Padgett Island is bottomland along the White River across from the Oil Trough (Independence County) bottoms and about four miles from Magness (Independence County). To the north and east lies the backwater Big Bottom Slough (a.k.a. Island Sough), forming the “island” surrounded by the White River and the slough. Padgett Island is named for William Benjamin Padgett from Fairfax, Virginia, who farmed the area before the Civil War and married Phoebe Engles, member of a prominent Independence County pioneer family. By 1876, the Padgett Island area was called Big Bottom and appeared on Frank A. Gray’s map of Arkansas.
The Sulphur Rock (Independence County) post office served Big Bottom before it had its own post office. A post office was opened at Big Bottom in 1854; it closed in 1880 when the name of Big Bottom was changed to Akron (Independence County), with the population given as 100.
A ferry constructed and operated by William Thomas Magness provided easy access across the slough in 1878. As more farmers worked the lands, the need for a bridge became apparent. The Independence County Court in 1907 appropriated $1,000 for a steel bridge, provided the farmers pay the rest. Work on the bridge was finished in 1909. The Big Bottom Slough Bridge (a.k.a. Padgett Island Bridge) still stands in the twenty-first century, although it is closed to all traffic. The bridge is on the National Register of Historic Places.
William Benjamin Padgett was active in Arkansas politics, serving in the Arkansas General Assembly. Padgett’s younger brother, Thomas Benton (Tom) Padgett, became a successful businessman and banker in Batesville (Independence County). He married Martha Elvena Maxfield, whose family owned and operated the Maxfield Store on Main Street in Batesville. Tom Padgett was the first president of the Independence County Bank and Trust Company, Batesville’s third bank, and was also active in county government. William Benjamin Padgett and his wife are buried at Oaklawn in Batesville.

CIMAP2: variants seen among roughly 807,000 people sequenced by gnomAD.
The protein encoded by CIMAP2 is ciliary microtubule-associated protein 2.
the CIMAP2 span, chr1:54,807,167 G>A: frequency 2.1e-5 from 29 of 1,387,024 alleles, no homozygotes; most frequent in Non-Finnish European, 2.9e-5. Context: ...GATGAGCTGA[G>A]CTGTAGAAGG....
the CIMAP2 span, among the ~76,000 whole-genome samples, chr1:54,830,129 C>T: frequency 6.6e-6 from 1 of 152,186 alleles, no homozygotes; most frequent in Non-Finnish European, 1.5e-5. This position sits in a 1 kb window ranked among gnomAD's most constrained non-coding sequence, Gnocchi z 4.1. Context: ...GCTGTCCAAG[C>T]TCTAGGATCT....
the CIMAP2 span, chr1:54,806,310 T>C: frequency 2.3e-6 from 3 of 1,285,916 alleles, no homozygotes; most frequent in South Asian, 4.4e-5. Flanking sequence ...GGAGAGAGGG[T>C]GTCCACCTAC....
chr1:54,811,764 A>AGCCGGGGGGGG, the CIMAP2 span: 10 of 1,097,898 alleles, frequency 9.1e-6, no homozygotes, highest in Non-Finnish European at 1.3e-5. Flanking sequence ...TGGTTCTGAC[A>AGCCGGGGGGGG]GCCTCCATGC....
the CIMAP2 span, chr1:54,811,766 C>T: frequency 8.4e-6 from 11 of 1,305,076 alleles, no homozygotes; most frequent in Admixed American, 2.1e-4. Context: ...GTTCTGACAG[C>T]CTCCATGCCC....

One of the early settlers of Padgett Island was Alford Arnold from Tennessee, who married Lucretia Magness and farmed the bottomland. He died at Big Bottom at the beginning of the Civil War. His grandson, James Burton Arnold, was born in Big Bottom and was active in Independence County politics, serving several terms as Independence County clerk and treasurer. He married Ida Luster, member of an early Independence County family. In 1904, Burton Arnold and Ida Luster Arnold moved across Polk (a.k.a. Poke) Bayou in western Batesville; the Burton Arnold house became a showcase for that part of the city. Their son, James Burton Arnold Jr., was elected county sheriff in 1948, serving for six terms.
Although farming continues in the alluvial bottomlands, all that remains of the Big Bottom pioneer village is the Akron Cemetery on Highway 122 south of Newark (Independence County). The cemetery is on the National Register of Historic Places. Volunteers periodically undertake efforts to reclaim the resting places of the early settlers, cleaning gravestones and clearing away brush. A few of the stones are still readable, and eighty-six stones have been transcribed. No Padgett graves have been found.
For additional information:
“Big Bottom Slough Bridge.” National Register of Historic Places nomination form. On file at Arkansas Historic Preservation Program, Little Rock, Arkansas. Online at http://www.arkansaspreservation.com/National-Register-Listings/PDF/IN0623.nr.pdf (accessed March 1, 2016).
Biographical and Historical Memoirs of Northeast Arkansas. Chicago: Goodspeed Publishing Co., 1889.
McGinnis, A. C. “A History of Independence County, Ark.” Special issue. Independence County Chronicle 17 (April 1976).
Wolf, John Quincy, Sr. “My Fifty Years in Batesville, Arkansas, Part I.” Independence County Chronicle 23 (October 1981–January 1982): 1–49.
Van Buren, Arkansas
Last Updated: 09/10/2018